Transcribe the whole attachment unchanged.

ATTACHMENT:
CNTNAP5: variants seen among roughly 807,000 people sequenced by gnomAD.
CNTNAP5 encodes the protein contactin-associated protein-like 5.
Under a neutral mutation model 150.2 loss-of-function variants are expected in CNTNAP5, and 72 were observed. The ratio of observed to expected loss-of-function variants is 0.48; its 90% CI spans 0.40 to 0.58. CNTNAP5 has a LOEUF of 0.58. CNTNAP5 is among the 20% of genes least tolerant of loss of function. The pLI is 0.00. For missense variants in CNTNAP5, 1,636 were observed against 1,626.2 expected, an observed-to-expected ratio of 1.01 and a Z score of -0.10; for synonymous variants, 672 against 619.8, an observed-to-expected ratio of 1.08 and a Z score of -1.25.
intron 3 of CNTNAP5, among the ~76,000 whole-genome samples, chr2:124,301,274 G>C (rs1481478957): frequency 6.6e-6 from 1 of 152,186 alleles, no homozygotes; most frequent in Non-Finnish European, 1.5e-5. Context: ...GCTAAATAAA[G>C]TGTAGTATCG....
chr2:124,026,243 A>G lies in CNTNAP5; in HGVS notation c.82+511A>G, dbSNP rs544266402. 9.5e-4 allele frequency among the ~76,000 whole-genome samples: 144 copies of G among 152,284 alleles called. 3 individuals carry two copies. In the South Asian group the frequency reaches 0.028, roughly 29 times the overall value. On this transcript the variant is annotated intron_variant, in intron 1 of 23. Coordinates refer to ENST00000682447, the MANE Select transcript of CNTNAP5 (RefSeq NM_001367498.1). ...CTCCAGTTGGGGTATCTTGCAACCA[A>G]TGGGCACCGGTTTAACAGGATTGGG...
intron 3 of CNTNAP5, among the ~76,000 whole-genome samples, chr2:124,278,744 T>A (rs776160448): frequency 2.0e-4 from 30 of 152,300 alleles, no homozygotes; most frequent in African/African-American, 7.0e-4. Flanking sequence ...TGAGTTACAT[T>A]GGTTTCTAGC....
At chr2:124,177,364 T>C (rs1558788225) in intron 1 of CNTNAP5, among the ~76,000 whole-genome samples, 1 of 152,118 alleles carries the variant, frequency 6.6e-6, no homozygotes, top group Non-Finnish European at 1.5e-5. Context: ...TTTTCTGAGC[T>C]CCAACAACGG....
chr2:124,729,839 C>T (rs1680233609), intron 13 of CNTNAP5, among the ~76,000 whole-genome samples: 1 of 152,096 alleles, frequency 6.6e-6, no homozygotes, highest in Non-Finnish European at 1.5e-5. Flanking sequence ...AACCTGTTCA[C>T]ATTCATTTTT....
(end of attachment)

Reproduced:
CNTNAP5: variants seen among roughly 807,000 people sequenced by gnomAD.
CNTNAP5 encodes the protein contactin-associated protein-like 5.
Under a neutral mutation model 150.2 loss-of-function variants are expected in CNTNAP5, and 72 were observed. The ratio of observed to expected loss-of-function variants is 0.48; its 90% CI spans 0.40 to 0.58. CNTNAP5 has a LOEUF of 0.58. CNTNAP5 is among the 20% of genes least tolerant of loss of function. The pLI is 0.00. For missense variants in CNTNAP5, 1,636 were observed against 1,626.2 expected, an observed-to-expected ratio of 1.01 and a Z score of -0.10; for synonymous variants, 672 against 619.8, an observed-to-expected ratio of 1.08 and a Z score of -1.25.
intron 3 of CNTNAP5, among the ~76,000 whole-genome samples, chr2:124,301,274 G>C (rs1481478957): frequency 6.6e-6 from 1 of 152,186 alleles, no homozygotes; most frequent in Non-Finnish European, 1.5e-5. Context: ...GCTAAATAAA[G>C]TGTAGTATCG....
chr2:124,026,243 A>G lies in CNTNAP5; in HGVS notation c.82+511A>G, dbSNP rs544266402. 9.5e-4 allele frequency among the ~76,000 whole-genome samples: 144 copies of G among 152,284 alleles called. 3 individuals carry two copies. In the South Asian group the frequency reaches 0.028, roughly 29 times the overall value. On this transcript the variant is annotated intron_variant, in intron 1 of 23. Coordinates refer to ENST00000682447, the MANE Select transcript of CNTNAP5 (RefSeq NM_001367498.1). ...CTCCAGTTGGGGTATCTTGCAACCA[A>G]TGGGCACCGGTTTAACAGGATTGGG...
intron 3 of CNTNAP5, among the ~76,000 whole-genome samples, chr2:124,278,744 T>A (rs776160448): frequency 2.0e-4 from 30 of 152,300 alleles, no homozygotes; most frequent in African/African-American, 7.0e-4. Flanking sequence ...TGAGTTACAT[T>A]GGTTTCTAGC....
At chr2:124,177,364 T>C (rs1558788225) in intron 1 of CNTNAP5, among the ~76,000 whole-genome samples, 1 of 152,118 alleles carries the variant, frequency 6.6e-6, no homozygotes, top group Non-Finnish European at 1.5e-5. Context: ...TTTTCTGAGC[T>C]CCAACAACGG....
chr2:124,729,839 C>T (rs1680233609), intron 13 of CNTNAP5, among the ~76,000 whole-genome samples: 1 of 152,096 alleles, frequency 6.6e-6, no homozygotes, highest in Non-Finnish European at 1.5e-5. Flanking sequence ...AACCTGTTCA[C>T]ATTCATTTTT....